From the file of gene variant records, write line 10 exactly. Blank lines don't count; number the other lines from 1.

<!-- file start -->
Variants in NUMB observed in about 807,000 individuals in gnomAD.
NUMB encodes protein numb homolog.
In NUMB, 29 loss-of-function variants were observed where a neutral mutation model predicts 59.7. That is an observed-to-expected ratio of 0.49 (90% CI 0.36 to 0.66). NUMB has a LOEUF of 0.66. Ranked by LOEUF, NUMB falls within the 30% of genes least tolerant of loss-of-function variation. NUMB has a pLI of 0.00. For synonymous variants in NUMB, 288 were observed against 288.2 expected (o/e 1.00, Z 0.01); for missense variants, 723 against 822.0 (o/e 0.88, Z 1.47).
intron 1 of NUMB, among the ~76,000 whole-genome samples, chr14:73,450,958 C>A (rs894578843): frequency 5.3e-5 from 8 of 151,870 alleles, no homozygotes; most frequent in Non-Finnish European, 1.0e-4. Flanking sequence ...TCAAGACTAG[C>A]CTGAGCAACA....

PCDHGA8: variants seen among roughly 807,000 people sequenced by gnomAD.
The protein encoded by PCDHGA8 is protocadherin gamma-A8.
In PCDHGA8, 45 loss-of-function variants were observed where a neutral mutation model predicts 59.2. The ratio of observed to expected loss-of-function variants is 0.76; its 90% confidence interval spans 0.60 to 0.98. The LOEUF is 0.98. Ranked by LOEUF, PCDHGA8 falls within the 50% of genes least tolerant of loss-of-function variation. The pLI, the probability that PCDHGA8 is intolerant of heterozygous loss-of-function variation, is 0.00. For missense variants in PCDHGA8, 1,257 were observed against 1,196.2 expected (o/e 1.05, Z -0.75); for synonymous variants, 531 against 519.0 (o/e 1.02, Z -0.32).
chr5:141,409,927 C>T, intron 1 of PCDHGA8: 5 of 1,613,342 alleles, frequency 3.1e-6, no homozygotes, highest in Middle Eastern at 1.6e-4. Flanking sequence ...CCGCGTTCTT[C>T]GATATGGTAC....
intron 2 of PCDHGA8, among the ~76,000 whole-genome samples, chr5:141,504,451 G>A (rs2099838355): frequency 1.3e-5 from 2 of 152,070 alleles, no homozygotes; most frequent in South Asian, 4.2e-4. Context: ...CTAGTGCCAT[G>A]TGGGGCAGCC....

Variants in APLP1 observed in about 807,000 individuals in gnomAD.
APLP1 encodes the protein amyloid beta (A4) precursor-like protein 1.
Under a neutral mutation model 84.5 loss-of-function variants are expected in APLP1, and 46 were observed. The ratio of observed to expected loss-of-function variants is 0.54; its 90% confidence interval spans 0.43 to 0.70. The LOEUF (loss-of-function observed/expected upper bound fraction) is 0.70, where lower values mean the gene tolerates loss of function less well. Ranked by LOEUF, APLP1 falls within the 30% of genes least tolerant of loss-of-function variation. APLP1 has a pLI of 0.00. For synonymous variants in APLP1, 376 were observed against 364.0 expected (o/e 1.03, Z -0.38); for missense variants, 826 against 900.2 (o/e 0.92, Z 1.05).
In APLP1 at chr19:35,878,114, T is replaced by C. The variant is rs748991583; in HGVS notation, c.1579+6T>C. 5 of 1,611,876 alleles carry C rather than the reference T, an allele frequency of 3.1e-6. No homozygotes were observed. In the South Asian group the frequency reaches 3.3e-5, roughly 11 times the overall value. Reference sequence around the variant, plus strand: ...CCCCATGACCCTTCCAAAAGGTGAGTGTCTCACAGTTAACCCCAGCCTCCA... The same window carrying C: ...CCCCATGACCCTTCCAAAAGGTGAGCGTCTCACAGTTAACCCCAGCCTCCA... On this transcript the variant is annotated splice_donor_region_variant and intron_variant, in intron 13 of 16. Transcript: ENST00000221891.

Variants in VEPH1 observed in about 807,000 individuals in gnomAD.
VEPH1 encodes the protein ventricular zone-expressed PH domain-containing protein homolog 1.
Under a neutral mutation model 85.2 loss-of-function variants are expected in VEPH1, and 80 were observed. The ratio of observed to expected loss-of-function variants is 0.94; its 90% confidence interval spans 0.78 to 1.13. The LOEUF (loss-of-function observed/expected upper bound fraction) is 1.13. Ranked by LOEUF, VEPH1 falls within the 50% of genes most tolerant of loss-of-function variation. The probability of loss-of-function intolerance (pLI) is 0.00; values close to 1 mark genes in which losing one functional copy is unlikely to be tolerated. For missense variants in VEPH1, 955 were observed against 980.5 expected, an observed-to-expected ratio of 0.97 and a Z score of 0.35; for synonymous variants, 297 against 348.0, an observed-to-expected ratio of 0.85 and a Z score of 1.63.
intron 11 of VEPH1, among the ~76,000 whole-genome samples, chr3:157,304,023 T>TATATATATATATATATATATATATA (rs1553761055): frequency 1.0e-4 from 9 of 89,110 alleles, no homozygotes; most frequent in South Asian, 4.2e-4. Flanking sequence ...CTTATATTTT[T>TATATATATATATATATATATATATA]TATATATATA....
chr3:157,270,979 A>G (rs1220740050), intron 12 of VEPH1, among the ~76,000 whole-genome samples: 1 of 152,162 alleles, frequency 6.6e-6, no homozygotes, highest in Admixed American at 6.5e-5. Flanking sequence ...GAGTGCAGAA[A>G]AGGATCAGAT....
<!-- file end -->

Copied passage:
Variants in APLP1 observed in about 807,000 individuals in gnomAD.